SEO or Search Engine Optimisation – what is really involved?
You can never under estimate the importance of SEO or search engine optimisation and here’s why! Most people are aware of the speed of growth of the Internet, but do you really know just how fast? In 2009, there were roughly 3.7 million new URL’s registered monthly, this increased to 4.5 million by the end of 2011. That’s 150,000 new website domains registered every single day of the year. This means that for any business, it is no longer feasible to simply throw up a website in the hope that it will be found. For this reason optimising your website orSEO is vital to your success.
SEO as a practice is sometimes given a bad name by people who are trying to “trick” the search engines. However when done ethically with a view to improving visitor experience and adhere to good practice guidelines – SEO can be a very valuable activity. Google’s own comments on SEO and things to look for/avoid are worth a read.
Regardless of your type of business improved search rankings will increase visitors, leads and sales. So what are the basic actions that you can take that will get your website noticed? In essence, they fall into three major categories and they are:
This is the foundation upon which all other SEO work is built. This whole process determines which specific keywords your potential clients are searching for and which bring the greatest value. In addition, the level of competition as well as the conversion opportunities for these keywords needs to be carefully assessed.
On Page SEO
It is important that the keywords chosen are reflected and worded into the site in a natural ‘non spammy’ way. For example just recently I spoke to a prospect who stated that he wanted to be ranked for the keyword ‘employment lawyer in Cork’. I proceeded to get him to show me what page on his site focused on this topic. After some hesitation he stated that this phrase was one of ten specialties that he mentioned on the ‘about us’ page of his site. I explained to him that if he wanted to rank for such a keyword, he would need to have at least one page dedicated to this topic and that the keyword should be included in at least the title, the meta description, and throughout the content. This is not just about SEO, it’s about giving good information to your prospects.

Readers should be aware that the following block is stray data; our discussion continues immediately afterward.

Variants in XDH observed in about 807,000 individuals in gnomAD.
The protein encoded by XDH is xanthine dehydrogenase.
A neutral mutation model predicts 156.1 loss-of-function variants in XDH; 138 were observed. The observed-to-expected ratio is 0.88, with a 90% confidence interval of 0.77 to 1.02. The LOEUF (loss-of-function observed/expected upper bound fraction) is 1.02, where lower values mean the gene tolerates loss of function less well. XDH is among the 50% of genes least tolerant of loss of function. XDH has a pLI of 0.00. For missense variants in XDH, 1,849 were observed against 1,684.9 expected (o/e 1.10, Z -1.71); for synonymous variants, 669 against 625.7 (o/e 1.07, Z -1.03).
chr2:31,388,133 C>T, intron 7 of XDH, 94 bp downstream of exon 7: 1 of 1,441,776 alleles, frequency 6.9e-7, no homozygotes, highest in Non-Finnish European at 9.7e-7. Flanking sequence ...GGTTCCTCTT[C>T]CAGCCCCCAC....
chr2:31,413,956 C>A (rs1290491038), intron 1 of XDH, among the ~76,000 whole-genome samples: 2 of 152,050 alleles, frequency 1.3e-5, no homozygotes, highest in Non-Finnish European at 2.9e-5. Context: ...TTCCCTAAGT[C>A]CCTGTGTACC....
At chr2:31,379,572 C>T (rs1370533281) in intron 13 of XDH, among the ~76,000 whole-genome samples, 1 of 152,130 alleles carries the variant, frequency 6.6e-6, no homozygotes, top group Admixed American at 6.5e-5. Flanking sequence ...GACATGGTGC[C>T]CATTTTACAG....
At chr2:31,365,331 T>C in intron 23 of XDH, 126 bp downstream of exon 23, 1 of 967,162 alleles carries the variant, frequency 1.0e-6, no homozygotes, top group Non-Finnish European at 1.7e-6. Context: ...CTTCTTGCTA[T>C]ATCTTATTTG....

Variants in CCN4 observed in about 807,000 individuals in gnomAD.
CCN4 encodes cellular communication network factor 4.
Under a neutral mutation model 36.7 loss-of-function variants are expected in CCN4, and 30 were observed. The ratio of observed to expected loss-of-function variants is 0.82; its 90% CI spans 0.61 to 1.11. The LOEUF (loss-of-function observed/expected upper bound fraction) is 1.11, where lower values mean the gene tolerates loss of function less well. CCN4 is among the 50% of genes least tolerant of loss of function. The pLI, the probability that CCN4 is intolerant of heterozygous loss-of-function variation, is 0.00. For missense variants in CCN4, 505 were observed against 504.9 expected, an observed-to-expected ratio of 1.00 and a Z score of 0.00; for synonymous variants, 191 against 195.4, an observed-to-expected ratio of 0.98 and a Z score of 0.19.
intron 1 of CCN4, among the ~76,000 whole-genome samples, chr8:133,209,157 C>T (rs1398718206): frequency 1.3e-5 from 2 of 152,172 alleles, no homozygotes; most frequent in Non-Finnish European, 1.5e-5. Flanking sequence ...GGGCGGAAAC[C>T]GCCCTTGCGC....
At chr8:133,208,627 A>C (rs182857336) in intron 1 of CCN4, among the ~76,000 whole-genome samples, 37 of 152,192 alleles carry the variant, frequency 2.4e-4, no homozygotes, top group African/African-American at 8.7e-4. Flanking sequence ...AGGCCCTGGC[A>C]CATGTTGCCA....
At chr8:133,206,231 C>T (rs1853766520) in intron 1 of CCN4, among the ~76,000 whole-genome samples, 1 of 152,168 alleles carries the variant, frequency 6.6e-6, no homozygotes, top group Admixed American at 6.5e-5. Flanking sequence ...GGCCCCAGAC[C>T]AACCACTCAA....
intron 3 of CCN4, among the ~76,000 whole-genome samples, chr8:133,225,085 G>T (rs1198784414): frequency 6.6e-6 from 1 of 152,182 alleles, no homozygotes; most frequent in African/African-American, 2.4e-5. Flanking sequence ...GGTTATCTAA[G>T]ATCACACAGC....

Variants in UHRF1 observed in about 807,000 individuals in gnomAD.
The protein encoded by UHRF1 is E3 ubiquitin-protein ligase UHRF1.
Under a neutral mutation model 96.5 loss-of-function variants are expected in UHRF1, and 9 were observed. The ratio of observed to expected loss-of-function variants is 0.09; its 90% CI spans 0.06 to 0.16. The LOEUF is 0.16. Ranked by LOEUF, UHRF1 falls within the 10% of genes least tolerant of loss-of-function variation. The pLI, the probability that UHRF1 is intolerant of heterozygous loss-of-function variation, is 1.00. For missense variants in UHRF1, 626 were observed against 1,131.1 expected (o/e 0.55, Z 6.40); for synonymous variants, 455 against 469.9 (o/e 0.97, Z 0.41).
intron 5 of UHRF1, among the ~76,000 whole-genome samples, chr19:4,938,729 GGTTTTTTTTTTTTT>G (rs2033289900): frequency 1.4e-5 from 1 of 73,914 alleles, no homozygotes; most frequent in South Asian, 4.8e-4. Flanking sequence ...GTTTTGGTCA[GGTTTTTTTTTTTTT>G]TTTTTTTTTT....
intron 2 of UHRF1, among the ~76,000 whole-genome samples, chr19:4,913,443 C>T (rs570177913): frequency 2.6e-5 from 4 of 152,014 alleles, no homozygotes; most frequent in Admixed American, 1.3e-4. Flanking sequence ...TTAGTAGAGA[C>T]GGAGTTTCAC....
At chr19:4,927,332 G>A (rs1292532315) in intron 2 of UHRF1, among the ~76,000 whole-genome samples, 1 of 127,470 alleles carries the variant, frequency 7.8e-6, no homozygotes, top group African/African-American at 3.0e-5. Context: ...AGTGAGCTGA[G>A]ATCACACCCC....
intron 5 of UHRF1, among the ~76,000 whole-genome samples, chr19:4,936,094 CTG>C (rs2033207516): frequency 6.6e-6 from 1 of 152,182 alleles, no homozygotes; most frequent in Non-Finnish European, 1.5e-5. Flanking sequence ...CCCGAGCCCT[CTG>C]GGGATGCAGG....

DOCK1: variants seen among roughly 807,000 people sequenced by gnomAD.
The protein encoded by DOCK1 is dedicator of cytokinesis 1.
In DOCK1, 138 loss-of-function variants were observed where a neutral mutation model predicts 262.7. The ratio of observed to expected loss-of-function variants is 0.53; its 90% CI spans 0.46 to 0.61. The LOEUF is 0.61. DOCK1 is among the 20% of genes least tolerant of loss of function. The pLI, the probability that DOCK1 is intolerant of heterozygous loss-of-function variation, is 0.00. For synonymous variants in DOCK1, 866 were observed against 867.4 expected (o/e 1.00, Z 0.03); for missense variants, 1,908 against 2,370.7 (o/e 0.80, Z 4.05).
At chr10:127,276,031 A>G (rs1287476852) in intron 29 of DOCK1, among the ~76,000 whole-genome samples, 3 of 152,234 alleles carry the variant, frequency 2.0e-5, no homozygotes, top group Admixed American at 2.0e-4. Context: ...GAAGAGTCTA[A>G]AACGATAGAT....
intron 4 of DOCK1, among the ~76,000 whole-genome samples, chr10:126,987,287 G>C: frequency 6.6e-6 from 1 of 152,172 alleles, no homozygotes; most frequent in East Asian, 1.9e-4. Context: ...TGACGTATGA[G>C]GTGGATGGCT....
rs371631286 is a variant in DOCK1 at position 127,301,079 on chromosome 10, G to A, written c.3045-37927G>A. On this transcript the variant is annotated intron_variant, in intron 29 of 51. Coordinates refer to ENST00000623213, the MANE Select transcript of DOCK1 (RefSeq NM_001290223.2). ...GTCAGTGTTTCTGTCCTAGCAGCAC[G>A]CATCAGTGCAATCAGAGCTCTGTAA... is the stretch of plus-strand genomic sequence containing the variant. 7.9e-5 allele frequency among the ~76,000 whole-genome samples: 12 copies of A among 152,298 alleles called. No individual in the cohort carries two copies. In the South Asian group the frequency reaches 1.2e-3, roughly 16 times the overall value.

As part of On Page SEO, content does deserve a special mention. All the other SEO tips and tricks are pretty useless unless you have good, fresh content on your website. Google places a lot of emphasis on content, but apart from that even if you get people to visit your site they will be turned off if your content is not professional and compelling. Anyone who tries to avoid the hard work of good content and thinks they can succeed by fooling the search engines will sooner or later lose out.
Off Page SEO
In lay terms, off page SEO is about quality links back to your site. For example if you happen to be an electrician, then getting links back to your site by the Register of Electrical Contractors in Ireland (RECI) raises the level of your site in the eyes of Google, as it sees this as an indication that your site as trustworthy. It is worth remembering that not all links are created equal. Google can identify authority sites to which it gives greater credence. Links from these sites are significantly more valuable. Some companies are offering silly numbers, like 1000 back links for €50.00. The reality is that you get what you pay for and the chances are that they aren’t going to be quality links which is something that Google gives real gravitas to.
Once these three criteria have been implemented it’s important to monitor and measure the SEO results. Doing this means that any keyword or technique that isn’t performing as well can be adjusted. There are plenty of ways to do this using free online tools such as Google Analytics.
If you have any questions about SEO in general or you would like help with getting your website better ranked, then give contact us today.
Gillian Brennan is a Certified Internet Marketing Specialist and has been very successful in creating and maintaining strong relationships with her clients.
With a Computing background from Cork Institute of Technology, Gillian has over 20 years experience in the IT sector.
Working in both Technology and Customer Service capacities, Gillian’s roles included IT Support, Network and Systems Engineering, Computer Retail Management and Training in companies such as Summit Tecnology Inc, BG Turnkey Ltd and Compu B Ltd.
Gillian’s technical ability in the IT area, along with a long history of customer service allow her to understand her clients’ needs and offer both practical and effective online solutions to fit their budget.